KUALA LUMPUR – Malaysia’s private sector will shrink in size, the government will collect lower tax revenues and the number of professionals will be reduced, analysts say, if more Chinese Malaysians continue to emigrate.
They were responding to a report by Malaysian think-tank Asian Strategy and Leadership Institute (Asli) that said the Chinese Malaysian population would drop to about 19.6 per cent by 2030 with the continued emigration trend and low birth rates, according to The Malay Mail Online (MMO) yesterday.
Asli chief operating officer Ng Yeen Seen said the Chinese Malaysian population stood at 37.2 per cent in 1957, when the country achieved independence.
This shrank to 24 per cent four years ago due to many leaving the country and low birth rates among the Chinese.
“If the migration trend continues to 2030, Chinese Malaysians would account for only 19.6 per cent of the population,” Ms Ng predicted, as reported by the Free Malaysia Today website on Saturday.
She cited a 2011 World Bank study that showed that up till 2010, almost one million Chinese Malaysians had migrated to other countries, with 57 per cent of them moving to Singapore.
“The Chinese community is known to be very enterprising and economically vibrant.
“The community has been important to the nation’s development.
“It is a worrying trend for the country,” independent analyst Khoo Kay Peng told MMO.
Dr Oh Ei Sun, adjunct senior fellow at the S. Rajaratnam School of International Studies in Singapore, said the calls for more Islamic law and practices by the majority Malays into “all aspects of social life” would likely be a push factor.
“Besides likely decline in their political rights, the professional human resources of the whole country would similarly be decimated,” Dr Oh told MMO.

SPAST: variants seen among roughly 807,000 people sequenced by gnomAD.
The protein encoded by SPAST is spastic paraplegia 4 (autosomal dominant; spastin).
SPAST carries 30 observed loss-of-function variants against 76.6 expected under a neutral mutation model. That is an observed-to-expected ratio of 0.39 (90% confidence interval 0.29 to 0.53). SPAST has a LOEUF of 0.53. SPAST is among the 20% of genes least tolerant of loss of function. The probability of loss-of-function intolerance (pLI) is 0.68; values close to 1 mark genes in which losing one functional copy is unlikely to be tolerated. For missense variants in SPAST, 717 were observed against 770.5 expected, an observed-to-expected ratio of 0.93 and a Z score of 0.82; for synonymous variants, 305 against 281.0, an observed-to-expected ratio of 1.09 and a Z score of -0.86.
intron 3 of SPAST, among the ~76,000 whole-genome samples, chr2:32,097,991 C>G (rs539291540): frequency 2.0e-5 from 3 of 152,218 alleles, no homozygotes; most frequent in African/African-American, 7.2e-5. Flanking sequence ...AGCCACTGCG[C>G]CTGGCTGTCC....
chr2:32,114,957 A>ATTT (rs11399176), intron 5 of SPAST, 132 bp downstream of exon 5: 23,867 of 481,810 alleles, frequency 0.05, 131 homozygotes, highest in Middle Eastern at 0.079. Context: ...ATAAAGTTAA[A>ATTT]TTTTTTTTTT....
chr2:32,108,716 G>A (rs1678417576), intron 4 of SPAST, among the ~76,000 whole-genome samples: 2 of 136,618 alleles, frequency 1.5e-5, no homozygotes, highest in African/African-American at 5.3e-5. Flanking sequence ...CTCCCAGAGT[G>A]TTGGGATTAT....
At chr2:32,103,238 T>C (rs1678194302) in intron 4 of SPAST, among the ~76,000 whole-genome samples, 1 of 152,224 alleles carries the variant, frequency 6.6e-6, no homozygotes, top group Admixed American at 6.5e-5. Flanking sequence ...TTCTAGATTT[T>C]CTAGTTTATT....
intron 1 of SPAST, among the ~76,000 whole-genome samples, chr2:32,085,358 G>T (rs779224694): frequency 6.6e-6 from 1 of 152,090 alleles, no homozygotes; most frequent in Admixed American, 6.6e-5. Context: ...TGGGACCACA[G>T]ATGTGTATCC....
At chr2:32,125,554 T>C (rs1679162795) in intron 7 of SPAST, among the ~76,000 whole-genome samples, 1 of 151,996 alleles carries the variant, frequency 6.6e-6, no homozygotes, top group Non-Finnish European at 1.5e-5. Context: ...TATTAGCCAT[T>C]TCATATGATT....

Official government statistics are slightly different from the Asli figures.
The Department of Statistics estimated that the Chinese population in Malaysia would drop to 20 per cent by 2040 from 24.5 per cent in 2010.
It also said the bumiputera population – which refers to the Malays, Orang Asli and the ethnic tribes of Sabah and Sarawak – is expected to grow from 67.3 per cent to 72.1 per cent between 2010 and 2040.
Malaysia’s Centre for Policy Initiatives director Lim Teck Ghee noted the higher fertility rates of Malay Malaysians and the influx of Muslim immigrants who are given citizenship.
Most Muslim migrant workers are from Indonesia and southern Philippines.
Mr Ibrahim Suffian, director of independent pollster Merdeka Centre, said the minorities ultimately need to figure out how to work with the majority population.
“Muslims in Malaysia are not monolithic; They subscribe to many different political ideas,” Mr Ibrahim told MMO.
“Muslims need to realise that non-Muslims are their fellow countrymen with whom they have a shared stake in the country’s continued peace and prosperity.”